Voluntary vs Mandatory Earnings Management in IPOs
Gounopoulos, D Voluntary vs Mandatory Earnings Management in IPOs In: Financial Management Association (FMA), 2010-06-09 - 2010-06-11, Hamburg, Germany.
Voluntary vs Mandatory Earnings Management in IPOs Management Science.pdf
Available under License : See the attached licence file.
Companies making initial public offerings in Greece were obliged to include next year’s profit in the new issue prospectuses, in order to help investors’ value companies and make safe investment decisions, until the regulations changed to voluntary status. This study takes advantage of this regulation alteration and compares the accuracy of earnings forecasts under both mandatory and voluntary disclosure environments. In order to achieve this it uses a large data set of 305 IPOs, which were floated during January 1993 to June 2009 period and employs a number of error metrics to examine forecast accuracy. Findings indicate behavioural change as earnings forecast pessimistic trend during the mandatory era turns to optimistic in the voluntary period. The comparison of those two methods suggests that mandatory earnings forecast regulation may force firms to forecast that have nor the incentives neither the ability to do so. Instead, the results imply that regulations penalizing IPOs for providing high inaccurate forecast appear to be a more appropriate regulatory strategy. Accuracy of earnings increases after the introduction of voluntary disclosure regulation where firms are characterized as mature, with high demand multiple and high retained ownership. In order to test companies’ variations in accuracy and specific characteristics, we conduct multivariate regression analysis. The findings recommend that investors are able to anticipate forecast errors at the time of listings. Investigation on independent variables that influence forecast accuracy show that four determinants – size of the IPO, age of the firm, time lag between the last date of public offering period and first day of trading and sold ownership – are significant determinants.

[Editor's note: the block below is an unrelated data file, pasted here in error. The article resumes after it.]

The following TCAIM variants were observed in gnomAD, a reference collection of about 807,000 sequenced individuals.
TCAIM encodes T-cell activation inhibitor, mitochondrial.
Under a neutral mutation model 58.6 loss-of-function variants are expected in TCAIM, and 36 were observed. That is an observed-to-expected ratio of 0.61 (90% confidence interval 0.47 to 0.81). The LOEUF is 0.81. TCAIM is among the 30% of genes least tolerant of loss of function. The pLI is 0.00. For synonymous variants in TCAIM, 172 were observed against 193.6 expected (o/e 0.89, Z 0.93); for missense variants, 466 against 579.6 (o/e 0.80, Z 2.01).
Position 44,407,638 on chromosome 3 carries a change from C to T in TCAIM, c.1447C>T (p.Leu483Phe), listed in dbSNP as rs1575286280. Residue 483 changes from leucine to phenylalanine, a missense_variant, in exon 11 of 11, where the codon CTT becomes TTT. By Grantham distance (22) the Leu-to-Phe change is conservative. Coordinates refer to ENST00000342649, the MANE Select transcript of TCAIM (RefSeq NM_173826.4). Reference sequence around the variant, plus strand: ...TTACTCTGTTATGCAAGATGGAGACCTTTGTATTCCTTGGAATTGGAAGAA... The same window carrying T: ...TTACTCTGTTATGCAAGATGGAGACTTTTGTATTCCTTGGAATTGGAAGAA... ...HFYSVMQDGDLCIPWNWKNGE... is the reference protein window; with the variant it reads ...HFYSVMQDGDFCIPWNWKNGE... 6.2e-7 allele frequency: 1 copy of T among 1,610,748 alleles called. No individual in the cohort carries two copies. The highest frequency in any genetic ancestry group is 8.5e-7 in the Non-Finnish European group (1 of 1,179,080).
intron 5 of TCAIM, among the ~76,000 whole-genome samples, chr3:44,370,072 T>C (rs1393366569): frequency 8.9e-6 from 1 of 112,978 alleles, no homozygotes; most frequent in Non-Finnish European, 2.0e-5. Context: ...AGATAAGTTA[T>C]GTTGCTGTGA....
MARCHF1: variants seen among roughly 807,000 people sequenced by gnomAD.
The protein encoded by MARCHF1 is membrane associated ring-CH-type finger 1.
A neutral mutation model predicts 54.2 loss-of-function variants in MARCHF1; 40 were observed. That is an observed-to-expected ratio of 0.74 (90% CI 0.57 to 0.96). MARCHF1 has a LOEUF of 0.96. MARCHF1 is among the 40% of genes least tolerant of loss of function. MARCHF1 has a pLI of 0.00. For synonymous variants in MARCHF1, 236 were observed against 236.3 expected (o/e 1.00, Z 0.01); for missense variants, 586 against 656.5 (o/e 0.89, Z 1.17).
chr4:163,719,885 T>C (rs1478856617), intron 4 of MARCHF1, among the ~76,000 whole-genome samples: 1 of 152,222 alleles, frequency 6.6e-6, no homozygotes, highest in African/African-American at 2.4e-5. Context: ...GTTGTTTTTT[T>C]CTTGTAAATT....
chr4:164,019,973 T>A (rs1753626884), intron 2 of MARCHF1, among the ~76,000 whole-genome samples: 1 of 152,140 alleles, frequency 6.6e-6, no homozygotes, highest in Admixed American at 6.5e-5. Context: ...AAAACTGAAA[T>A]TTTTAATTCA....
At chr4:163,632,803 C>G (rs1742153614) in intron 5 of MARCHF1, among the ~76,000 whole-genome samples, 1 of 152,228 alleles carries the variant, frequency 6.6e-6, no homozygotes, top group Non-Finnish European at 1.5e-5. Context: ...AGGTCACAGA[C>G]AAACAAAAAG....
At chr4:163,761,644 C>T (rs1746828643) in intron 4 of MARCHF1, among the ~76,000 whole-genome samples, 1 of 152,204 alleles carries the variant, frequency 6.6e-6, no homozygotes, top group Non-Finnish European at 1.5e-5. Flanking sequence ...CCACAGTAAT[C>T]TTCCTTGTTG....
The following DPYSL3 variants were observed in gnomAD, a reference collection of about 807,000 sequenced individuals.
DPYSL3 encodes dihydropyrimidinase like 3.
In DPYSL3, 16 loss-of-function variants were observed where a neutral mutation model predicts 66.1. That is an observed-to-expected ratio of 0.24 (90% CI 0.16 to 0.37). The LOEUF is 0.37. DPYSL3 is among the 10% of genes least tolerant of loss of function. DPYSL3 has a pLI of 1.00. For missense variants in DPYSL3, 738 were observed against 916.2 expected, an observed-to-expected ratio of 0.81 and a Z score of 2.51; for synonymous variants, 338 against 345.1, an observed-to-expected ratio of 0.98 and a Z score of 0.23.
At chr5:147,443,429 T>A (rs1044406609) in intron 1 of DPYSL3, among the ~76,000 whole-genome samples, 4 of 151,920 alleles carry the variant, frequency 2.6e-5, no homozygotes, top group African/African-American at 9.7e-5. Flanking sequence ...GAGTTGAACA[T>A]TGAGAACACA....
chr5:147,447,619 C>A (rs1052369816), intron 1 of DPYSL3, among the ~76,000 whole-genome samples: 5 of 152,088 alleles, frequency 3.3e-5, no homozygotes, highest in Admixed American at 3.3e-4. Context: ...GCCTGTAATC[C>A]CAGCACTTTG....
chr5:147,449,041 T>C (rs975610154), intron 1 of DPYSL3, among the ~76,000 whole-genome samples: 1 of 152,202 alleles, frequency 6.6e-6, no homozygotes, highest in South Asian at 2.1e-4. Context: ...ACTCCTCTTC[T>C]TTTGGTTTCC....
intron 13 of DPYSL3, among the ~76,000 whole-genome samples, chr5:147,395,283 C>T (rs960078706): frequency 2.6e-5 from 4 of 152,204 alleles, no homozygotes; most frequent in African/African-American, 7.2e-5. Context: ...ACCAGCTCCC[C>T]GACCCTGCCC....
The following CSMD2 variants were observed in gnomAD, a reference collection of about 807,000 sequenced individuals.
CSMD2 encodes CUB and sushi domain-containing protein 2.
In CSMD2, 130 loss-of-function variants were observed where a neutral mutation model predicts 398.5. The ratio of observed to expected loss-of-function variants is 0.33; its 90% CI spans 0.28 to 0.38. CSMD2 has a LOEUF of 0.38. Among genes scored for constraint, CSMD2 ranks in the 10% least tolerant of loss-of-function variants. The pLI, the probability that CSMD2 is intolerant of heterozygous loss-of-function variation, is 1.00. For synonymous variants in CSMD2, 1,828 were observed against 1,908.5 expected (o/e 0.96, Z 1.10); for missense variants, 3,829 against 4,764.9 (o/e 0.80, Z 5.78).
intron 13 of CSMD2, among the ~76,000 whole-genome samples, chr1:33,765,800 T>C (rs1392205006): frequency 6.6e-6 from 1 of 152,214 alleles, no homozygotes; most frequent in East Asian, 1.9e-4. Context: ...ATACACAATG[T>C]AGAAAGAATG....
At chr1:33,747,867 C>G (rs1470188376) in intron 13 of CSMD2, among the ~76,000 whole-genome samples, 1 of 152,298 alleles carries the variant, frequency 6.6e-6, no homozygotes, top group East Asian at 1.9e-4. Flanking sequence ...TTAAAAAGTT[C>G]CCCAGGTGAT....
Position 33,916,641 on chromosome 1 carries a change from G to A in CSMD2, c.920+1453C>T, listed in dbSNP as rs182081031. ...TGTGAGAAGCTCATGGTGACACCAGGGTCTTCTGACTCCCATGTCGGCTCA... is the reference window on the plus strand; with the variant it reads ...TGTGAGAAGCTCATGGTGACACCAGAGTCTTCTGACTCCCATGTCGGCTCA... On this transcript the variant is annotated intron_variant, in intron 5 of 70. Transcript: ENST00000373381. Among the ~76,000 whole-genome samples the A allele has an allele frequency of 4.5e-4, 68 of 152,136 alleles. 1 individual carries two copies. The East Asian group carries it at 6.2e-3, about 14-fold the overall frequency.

|Item Type:||Conference or Workshop Item (UNSPECIFIED)|
|Divisions :||Faculty of Business, Economics and Law > Surrey Business School|
|Depositing User :||Symplectic Elements|
|Date Deposited :||23 Mar 2012 14:54|
|Last Modified :||23 Sep 2013 19:04|
Actions (login required)
Downloads per month over past year